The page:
“A Girl Walks Home Alone at Night”
Dir: Ana Lily Amarpour
Criticwire Average: B+
“A Girl Walks Home Alone at Night” has a killer logline: “Iranian feminist vampire film.” It’s true, the film takes place in the Iranian ghost town of Bad City, where mysterious a vampire credited only as The Girl (Sheila Vand) preys on men who prey on women. But the film spends as much time on Arash (Arash Marandi), a man dealing with his junkie father and the local drug lord, as he forms a romance with the Girl, and director Ana Lily Amarpour has been resistant to political or ideological analysis.
What “A Girl Walks Home Alone at Night” is more than anything else is a striking, stylish debut. The film combines stark, dreamy black-and-white compositions of noir and early horror with the rhythms and affected cool of a Jim Jarmusch movie, not to mention other influences that include the Iranian New Wave, Werner Herzog and David Lynch. It’s very much the work of a new director trying to find her own voice amidst her influences, but the film has a unique melancholy power of its own, and it marks Amarpour as a director to watch.
More thoughts from the Criticwire Network:
Joe Bendel, Libertas Film Magazine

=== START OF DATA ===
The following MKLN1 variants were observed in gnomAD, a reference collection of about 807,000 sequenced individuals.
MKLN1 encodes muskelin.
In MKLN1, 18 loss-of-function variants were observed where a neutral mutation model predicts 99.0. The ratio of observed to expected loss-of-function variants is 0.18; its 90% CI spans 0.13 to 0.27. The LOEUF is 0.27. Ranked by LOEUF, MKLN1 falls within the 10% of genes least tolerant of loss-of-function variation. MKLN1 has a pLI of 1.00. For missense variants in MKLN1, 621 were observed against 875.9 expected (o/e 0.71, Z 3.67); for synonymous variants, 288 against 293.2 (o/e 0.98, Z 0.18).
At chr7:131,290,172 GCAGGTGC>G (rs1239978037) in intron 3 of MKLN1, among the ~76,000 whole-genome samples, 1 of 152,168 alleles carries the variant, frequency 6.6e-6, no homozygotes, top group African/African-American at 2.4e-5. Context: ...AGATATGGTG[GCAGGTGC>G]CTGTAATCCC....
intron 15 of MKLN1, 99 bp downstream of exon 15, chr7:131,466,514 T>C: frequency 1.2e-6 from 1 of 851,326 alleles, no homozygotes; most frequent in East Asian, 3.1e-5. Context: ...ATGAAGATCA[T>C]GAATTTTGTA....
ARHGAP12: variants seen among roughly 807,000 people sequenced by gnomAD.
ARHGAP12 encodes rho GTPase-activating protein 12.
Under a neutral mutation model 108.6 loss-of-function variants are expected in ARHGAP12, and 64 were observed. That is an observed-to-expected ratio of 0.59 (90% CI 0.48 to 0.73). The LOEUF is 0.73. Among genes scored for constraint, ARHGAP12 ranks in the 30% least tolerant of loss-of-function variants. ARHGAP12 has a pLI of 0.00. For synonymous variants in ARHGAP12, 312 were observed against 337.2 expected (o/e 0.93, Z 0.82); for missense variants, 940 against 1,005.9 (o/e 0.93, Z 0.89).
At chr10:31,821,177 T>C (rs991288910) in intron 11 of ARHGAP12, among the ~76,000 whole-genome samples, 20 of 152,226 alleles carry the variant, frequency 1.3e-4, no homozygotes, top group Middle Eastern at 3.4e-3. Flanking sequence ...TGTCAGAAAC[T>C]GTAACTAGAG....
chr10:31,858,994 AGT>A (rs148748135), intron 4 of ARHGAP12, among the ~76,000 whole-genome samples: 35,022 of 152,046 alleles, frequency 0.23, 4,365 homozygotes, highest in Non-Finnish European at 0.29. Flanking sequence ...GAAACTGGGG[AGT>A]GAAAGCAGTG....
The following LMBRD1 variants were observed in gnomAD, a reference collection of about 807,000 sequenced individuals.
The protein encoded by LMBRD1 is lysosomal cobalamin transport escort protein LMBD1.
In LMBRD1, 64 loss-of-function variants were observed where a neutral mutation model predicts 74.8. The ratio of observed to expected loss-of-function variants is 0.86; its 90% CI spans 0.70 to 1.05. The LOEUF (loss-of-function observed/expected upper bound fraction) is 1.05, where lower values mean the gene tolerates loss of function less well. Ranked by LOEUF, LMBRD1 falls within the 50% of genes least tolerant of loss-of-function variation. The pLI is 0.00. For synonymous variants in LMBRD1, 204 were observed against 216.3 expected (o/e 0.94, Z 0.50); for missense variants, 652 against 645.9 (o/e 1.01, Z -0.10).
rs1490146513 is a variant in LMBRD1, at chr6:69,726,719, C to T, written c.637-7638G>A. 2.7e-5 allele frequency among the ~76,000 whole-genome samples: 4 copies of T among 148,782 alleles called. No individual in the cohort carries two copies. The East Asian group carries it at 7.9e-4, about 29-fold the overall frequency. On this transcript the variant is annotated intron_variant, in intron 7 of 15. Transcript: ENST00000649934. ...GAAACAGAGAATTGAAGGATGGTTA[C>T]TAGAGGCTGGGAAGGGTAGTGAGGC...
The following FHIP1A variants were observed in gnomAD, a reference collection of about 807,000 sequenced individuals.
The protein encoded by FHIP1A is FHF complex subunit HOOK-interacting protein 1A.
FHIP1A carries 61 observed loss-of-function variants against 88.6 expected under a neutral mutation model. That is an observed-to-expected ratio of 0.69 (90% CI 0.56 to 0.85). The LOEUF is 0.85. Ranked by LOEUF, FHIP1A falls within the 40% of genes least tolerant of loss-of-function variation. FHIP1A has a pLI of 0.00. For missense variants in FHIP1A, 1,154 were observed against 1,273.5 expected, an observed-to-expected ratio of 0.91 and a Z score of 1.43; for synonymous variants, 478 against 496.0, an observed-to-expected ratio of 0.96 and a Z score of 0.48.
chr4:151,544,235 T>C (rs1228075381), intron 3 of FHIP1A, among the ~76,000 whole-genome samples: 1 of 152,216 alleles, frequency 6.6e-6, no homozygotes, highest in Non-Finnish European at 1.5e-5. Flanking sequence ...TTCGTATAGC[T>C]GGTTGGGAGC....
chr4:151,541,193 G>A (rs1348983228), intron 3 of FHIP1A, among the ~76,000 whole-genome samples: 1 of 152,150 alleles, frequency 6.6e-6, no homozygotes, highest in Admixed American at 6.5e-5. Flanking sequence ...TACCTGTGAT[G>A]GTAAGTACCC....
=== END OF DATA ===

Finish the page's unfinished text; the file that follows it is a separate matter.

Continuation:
“AGWHAAN” is the sort of film that washes over you, yet it still heralds the arrival of a major star in Sheila Vand. As the Girl, she gives a quiet but deeply expressive performance. Somehow she is able to look exquisitely vulnerable and eerily sinister at the same time, which is quite a trick. Read more.
Beth Hanna, Thompson on Hollywood
Eric Kohn, Indiewire
Amirpour fleshes out the somber life of the mysterious vampire woman, a doe-faced goth who wears a chic striped shirt visible beneath her burka. Though her origins remain obscured, as she trails various locals late at night, she quickly turns into the face of repression burdening all of them. When she traumatizes a neighborhood boy and threatens to watch his behavior for the rest of his life, it’s the first indication of a light at the end of the tunnel, a means of righting the wrongs in this broken world. Read more.
Don Simpson, Smells Like Screen Spirit
Shot in the style of a graphic novel, Lyle Vincent’s gorgeously high-contrast, black and white cinematography highlights the surreal atmosphere of this Iranian vampire romance. Languidly paced and utterly devoid of tension, writer-director Ana Lily Amirpour’s A Girl Walks Home Alone at Night circumvents any kinship with the horror genre, relying quite heavily on its atmospheric mood to keep its audience transfixed. Read more.
Writer/director Ana Lily Amirpour, who could have easily starred as the main character, is clearly inspired by comic books, with many of the scenes carrying a careful, graphic novel sense of composition. (Amirpour is also authoring a series of comic books that continue the story.) Each shot seems to be more beautiful than the last, with deep, dark blacks and blurry lens flares that were accomplished the old fashioned way: by shooting anamorphic. Read more.